New York Governor Andrew Cuomo has introduced amendments to his fiscal 2019 budget to offset the impact of state and local tax deduction (SALT) limits in the new federal tax law.

In a press release announcing the amendments, Cuomo said they were designed “to safeguard our competitiveness and help protect residents from this federal economic assault.”

The new federal tax law limits deductions for state and local income, property and sales taxes to $10,000 per tax return, which sharply reduces the tax deductions for many residents in high-tax states like New York.

(Related: 4 Last-Minute Tax Strategies for Clients in High-Tax States)

According to the New York State Department of Taxation and Finance, without any changes to the state tax system, the SALT limits will cost New York’s taxpayers an additional $14.3 billion per year and risk undermining the competitiveness of the state economy, investments and services for residents and progressivity of its tax system.

(Related: IRS Advice on Property Tax Prepayment Causes Widespread Confusion)

Cuomo is proposing three workarounds to the SALT limits:

  1. The creation of charitable funds to which taxpayers who itemize could donate funds and claim those donations as tax-deductible charitable contributions. Curomo is proposing two state charitable funds — for health care and education — whose donations would be deductible on federal and state tax returns and let donors to claim a state tax credit equal to 85% of the donated amount. His plan also authorizes the creation of similar charitable funds by counties, towns, cities and villages, which would provide a local tax credit equivalent to 95% of the donation.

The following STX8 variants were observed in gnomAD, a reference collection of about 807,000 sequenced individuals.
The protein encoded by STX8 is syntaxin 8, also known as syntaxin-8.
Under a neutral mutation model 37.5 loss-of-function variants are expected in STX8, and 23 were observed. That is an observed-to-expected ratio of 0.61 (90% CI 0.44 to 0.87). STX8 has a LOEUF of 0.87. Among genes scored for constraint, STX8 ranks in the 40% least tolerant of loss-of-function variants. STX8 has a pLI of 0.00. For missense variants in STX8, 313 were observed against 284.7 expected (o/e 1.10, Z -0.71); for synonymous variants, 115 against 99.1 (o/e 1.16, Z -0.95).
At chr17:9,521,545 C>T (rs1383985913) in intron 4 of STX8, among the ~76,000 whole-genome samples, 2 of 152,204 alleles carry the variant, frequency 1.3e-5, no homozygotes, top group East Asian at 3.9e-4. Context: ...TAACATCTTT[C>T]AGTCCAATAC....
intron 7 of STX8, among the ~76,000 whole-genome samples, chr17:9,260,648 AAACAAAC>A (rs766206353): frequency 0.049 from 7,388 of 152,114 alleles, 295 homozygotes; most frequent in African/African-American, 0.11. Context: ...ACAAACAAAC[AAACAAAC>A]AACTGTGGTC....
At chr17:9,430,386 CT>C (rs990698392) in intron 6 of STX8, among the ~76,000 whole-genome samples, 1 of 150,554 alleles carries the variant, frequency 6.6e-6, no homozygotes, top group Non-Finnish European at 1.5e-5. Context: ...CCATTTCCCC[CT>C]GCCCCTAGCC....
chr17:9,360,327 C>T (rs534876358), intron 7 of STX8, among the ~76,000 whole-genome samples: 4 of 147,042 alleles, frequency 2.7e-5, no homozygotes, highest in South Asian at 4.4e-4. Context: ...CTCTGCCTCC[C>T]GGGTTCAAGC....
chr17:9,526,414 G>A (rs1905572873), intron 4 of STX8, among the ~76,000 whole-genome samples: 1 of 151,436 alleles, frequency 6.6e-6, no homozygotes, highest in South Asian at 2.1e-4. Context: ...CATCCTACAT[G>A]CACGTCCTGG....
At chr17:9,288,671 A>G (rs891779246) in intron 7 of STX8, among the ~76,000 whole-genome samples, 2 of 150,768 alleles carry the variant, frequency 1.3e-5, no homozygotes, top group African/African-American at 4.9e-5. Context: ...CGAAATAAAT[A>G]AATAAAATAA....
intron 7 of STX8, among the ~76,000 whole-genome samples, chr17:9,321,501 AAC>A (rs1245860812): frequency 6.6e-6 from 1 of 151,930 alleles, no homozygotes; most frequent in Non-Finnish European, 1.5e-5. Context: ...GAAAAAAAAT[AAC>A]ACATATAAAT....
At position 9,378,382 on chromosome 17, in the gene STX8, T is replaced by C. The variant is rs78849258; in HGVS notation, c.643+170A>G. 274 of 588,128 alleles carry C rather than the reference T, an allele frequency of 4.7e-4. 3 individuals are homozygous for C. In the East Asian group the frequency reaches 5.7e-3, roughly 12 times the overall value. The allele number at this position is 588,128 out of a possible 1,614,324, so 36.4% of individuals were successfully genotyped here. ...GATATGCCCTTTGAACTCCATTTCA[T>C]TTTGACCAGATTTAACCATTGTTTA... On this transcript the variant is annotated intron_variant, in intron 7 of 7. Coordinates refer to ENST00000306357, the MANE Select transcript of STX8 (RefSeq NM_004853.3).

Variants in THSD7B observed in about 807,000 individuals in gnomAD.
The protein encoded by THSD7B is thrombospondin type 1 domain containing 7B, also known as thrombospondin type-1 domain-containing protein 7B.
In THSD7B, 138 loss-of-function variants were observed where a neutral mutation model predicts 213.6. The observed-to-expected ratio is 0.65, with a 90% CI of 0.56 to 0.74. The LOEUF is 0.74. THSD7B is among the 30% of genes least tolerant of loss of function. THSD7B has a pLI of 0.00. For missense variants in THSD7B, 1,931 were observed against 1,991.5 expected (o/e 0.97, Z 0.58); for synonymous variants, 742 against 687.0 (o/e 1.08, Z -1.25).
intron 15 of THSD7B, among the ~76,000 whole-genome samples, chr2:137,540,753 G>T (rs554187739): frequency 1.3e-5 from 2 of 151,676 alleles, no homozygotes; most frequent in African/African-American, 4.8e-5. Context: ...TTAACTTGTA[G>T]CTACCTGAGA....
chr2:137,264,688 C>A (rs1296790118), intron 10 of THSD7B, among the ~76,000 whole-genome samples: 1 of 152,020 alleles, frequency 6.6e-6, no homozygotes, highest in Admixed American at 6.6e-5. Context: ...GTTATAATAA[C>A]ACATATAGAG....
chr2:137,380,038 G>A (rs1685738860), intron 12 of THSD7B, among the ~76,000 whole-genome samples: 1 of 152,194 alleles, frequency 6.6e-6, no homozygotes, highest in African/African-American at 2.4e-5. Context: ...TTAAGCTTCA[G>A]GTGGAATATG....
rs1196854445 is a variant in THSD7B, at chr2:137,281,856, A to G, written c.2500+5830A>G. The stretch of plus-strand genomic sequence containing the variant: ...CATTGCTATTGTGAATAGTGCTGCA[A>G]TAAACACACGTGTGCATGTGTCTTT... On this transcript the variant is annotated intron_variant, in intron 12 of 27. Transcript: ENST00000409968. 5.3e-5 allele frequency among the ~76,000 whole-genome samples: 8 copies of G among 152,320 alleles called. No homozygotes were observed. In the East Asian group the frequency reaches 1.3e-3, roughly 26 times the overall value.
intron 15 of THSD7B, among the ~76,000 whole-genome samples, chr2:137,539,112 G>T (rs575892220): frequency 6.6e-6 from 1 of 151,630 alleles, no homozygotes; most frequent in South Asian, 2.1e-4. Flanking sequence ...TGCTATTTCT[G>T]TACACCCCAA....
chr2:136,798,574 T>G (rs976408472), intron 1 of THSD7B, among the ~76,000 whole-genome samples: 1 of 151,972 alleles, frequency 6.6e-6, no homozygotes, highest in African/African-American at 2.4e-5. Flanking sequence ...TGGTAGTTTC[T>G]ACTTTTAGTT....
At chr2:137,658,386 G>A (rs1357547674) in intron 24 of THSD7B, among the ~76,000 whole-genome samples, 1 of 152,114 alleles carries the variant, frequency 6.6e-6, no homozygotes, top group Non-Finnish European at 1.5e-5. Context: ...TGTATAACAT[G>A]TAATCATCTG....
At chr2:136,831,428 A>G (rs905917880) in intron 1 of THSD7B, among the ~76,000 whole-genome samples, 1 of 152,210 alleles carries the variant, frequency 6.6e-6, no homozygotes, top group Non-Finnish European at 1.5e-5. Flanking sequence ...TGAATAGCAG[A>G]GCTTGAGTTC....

2. The creation of an Employer Compensation Expense Tax (ECET) which would essentially shift income taxes to payroll taxes, from employees who can’t deduct those income taxes to employers who can. Employers who opt into the plan would have to pay a 5% tax on annual payroll expenses over $40,000 per employee, phased in over three years, and employees would receive a tax credit equivalent to the value of the ECT.

  3. Decoupling state taxes from the federal tax code so that federal deduction limits, including the $10,000 limit on itemized deductions for state and local taxes, do not apply to state income taxes. Without this change, New York state taxpayers would be subject to more than $1.5 billion in state taxes, according to Cuomo’s office.

These proposals require approval by the New York State Legislature, which is split between Democratic control in the Assembly and Republican control in the Senate. The IRS may also weigh in.

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